• John Redwood
  • Jacob Rees-Mogg
  • Laurence Robertson
  • Mary Robinson
  • Andrew Rosindell
  • Douglas Ross
  • Lee Rowley
  • Paul Scully
  • Grant Shapps

 

  • Chris Skidmore
  • Chloe Smith
  • Henry Smith
  • Royston Smith
  • Mark Spencer
  • Andrew Stephenson
  • Bob Stewart
  • Iain Stewart
  • Graham Stuart
  • Julian Sturdy

 

  • Rishi Sunak
  • Desmond Swayne
  • Robert Syms
  • Derek Thomas
  • Ross Thomson
  • Maggie Throup
  • Kelly Tolhurst
  • Michael Tomlinson
  • Craig Tracey
  • Anne-Marie Trevelyan

 

  • Elizabeth Truss
  • Tom Tugendhat
  • Shailesh Vara
  • Martin Vickers
  • Theresa Villiers
  • Ben Wallace
  • David Warburton
  • Matt Warman
  • Giles Watling
  • Helen Whately

 

  • Heather Wheeler
  • Craig Whittaker
  • John Whittingdale
  • Bill Wiggin
  • Gavin Williamson
  • Mike Wood
  • Nadhim Zahawi

Leadsom climbs to the top spot in our Cabinet League Table

Javid almost doubles his rating after his decisive handling of Begum. Meanwhile Rudd, Gauke and Clark all fall. And Grayling plumbs new depths.

It’s that time again – the monthly Cabinet League Table. Who’s up and who’s down?

  • Leadsom leaps to the top spot. This must be one of the most dramatic turnarounds in the history of the League Table. In November, after the Prime Minister’s deal was released, Andrea Leadsom was down in 21st place, with a net rating of -16.3. At the end of December, she put on 50 points, helped by a battle with the ever-unpopular John Bercow, and was up to fifth place, with a net rating of +34.2. In our January survey she had climbed further, up to third place with a net rating of +43. This month she caps that by gaining a further 11.6 points to seize the top spot in the table, with a rating of +54.6. Iain Dale wrote last week about ‘the quiet rise of Andrea Leadsom’, and it certainly seems that her decision to stay in the Cabinet rather than resign has paid off, so far.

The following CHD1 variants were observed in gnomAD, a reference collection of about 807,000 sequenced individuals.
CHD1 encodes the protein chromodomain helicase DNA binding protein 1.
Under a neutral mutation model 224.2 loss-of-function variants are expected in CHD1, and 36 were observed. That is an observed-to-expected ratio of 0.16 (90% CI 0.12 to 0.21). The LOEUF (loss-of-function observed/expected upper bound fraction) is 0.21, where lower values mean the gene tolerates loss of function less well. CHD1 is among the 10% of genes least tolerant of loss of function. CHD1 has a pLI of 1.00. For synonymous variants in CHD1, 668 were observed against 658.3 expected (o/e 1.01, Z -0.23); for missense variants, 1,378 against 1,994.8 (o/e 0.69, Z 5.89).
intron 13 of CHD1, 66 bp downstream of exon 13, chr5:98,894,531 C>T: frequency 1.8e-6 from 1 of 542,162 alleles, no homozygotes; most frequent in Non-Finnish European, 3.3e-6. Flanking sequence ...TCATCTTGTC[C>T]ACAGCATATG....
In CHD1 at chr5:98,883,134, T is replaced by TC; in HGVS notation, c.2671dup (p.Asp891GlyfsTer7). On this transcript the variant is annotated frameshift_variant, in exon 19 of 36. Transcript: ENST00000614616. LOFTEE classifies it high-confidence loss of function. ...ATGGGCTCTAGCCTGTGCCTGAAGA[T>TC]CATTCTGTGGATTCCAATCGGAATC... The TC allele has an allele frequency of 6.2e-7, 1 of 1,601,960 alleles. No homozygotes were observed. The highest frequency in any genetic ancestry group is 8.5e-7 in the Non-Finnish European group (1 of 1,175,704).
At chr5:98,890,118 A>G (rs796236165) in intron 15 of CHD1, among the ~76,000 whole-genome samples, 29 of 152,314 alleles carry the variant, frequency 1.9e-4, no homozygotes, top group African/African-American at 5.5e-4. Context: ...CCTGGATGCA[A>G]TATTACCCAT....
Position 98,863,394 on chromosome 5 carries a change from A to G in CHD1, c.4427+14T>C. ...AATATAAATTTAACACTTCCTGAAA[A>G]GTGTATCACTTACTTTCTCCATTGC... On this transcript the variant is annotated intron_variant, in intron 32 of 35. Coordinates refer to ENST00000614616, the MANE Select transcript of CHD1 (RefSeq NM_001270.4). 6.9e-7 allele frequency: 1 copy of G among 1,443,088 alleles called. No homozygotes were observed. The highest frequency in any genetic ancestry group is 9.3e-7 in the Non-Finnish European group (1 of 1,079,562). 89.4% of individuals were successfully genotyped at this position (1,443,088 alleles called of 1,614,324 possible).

• A great month for Javid. The Home Secretary might have reasonably expected a positive result this month, after his firm stance against Shamima Begum returning to the UK secured the backing of more than three quarters of party member respondents to our survey. He has more than recovered the ground he lost in January, and almost doubles his rating to a very healthy +49.8, rising from eighth to second place.
  • Truss’s rating climbs steadily. November: +15.8. December: +28.5. January: +35. And now February: +39.9. That is a very positive trend for any minister in these rankings, particularly in turbulent times, and her pronouncements on the ‘Corbyn-lite’ nature of Downing Street’s thinking is unlikely to hurt.
  • The Cabinet overall is still in a bad place. Fifteen ministers have ratings in negative territory, having failed to recover from the unpopularity of first Chequers and then the deal itself. The whole Cabinet’s net rating, which stood at almost +1000 a year ago now bumps along at -1.2, essentially a neutral score. That is a miserable verdict from a Party’s grassroots on its top Government team. As we’ve seen above, it’s not all just neutral – some people are doing well, and others badly, but there’s an increasing polarisation. The average rating of the top ten continues to rise while the average of the bottom ten continues to fall.
  • A rough month for anti-No-Dealers Gauke, Rudd and Clark. The three Cabinet ministers who forced the Prime Minister to change tack by pledging publicly to oppose No Deal at all costs recently have all suffered for doing so. David Gauke’s rating falls from -23.8 to -36.6. Amber Rudd’s declines from -35.9 to -48.3. Greg Clark sees his rating fall from -31.8 to -40.8. Having given in to them, the Prime Minister’s rating also slips, down to -40.8.